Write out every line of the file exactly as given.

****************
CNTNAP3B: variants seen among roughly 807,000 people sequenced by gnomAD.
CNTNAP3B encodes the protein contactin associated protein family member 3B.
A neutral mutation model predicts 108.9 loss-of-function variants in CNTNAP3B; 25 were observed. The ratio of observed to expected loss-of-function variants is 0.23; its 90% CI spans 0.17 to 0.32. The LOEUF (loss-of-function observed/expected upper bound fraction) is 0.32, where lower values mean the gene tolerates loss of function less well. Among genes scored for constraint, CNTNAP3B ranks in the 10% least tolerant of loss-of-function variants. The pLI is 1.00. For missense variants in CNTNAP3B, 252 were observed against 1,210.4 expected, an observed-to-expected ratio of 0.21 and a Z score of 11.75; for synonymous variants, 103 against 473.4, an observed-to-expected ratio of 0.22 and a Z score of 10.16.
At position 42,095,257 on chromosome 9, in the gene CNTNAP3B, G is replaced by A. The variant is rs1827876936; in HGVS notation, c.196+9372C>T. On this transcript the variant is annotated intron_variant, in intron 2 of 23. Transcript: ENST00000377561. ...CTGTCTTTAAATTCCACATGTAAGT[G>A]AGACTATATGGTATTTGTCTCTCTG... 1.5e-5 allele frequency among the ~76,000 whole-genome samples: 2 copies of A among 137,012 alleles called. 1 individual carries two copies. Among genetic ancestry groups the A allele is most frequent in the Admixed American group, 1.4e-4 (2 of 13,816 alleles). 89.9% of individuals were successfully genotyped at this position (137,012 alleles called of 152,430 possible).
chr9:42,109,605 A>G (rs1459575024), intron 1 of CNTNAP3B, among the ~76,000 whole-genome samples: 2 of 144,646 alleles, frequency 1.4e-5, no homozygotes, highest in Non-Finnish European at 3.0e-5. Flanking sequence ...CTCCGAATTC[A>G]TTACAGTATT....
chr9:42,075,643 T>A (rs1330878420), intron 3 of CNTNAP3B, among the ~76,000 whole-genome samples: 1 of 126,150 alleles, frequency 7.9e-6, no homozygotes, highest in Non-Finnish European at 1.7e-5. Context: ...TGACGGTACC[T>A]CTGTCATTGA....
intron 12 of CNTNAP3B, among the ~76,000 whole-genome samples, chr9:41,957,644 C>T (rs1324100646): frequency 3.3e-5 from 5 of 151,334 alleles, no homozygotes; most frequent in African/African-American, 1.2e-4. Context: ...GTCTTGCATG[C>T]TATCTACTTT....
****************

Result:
CNTNAP3B: variants seen among roughly 807,000 people sequenced by gnomAD.
CNTNAP3B encodes the protein contactin associated protein family member 3B.
A neutral mutation model predicts 108.9 loss-of-function variants in CNTNAP3B; 25 were observed. The ratio of observed to expected loss-of-function variants is 0.23; its 90% CI spans 0.17 to 0.32. The LOEUF (loss-of-function observed/expected upper bound fraction) is 0.32, where lower values mean the gene tolerates loss of function less well. Among genes scored for constraint, CNTNAP3B ranks in the 10% least tolerant of loss-of-function variants. The pLI is 1.00. For missense variants in CNTNAP3B, 252 were observed against 1,210.4 expected, an observed-to-expected ratio of 0.21 and a Z score of 11.75; for synonymous variants, 103 against 473.4, an observed-to-expected ratio of 0.22 and a Z score of 10.16.
At position 42,095,257 on chromosome 9, in the gene CNTNAP3B, G is replaced by A. The variant is rs1827876936; in HGVS notation, c.196+9372C>T. On this transcript the variant is annotated intron_variant, in intron 2 of 23. Transcript: ENST00000377561. ...CTGTCTTTAAATTCCACATGTAAGT[G>A]AGACTATATGGTATTTGTCTCTCTG... 1.5e-5 allele frequency among the ~76,000 whole-genome samples: 2 copies of A among 137,012 alleles called. 1 individual carries two copies. Among genetic ancestry groups the A allele is most frequent in the Admixed American group, 1.4e-4 (2 of 13,816 alleles). 89.9% of individuals were successfully genotyped at this position (137,012 alleles called of 152,430 possible).
chr9:42,109,605 A>G (rs1459575024), intron 1 of CNTNAP3B, among the ~76,000 whole-genome samples: 2 of 144,646 alleles, frequency 1.4e-5, no homozygotes, highest in Non-Finnish European at 3.0e-5. Flanking sequence ...CTCCGAATTC[A>G]TTACAGTATT....
chr9:42,075,643 T>A (rs1330878420), intron 3 of CNTNAP3B, among the ~76,000 whole-genome samples: 1 of 126,150 alleles, frequency 7.9e-6, no homozygotes, highest in Non-Finnish European at 1.7e-5. Context: ...TGACGGTACC[T>A]CTGTCATTGA....
intron 12 of CNTNAP3B, among the ~76,000 whole-genome samples, chr9:41,957,644 C>T (rs1324100646): frequency 3.3e-5 from 5 of 151,334 alleles, no homozygotes; most frequent in African/African-American, 1.2e-4. Context: ...GTCTTGCATG[C>T]TATCTACTTT....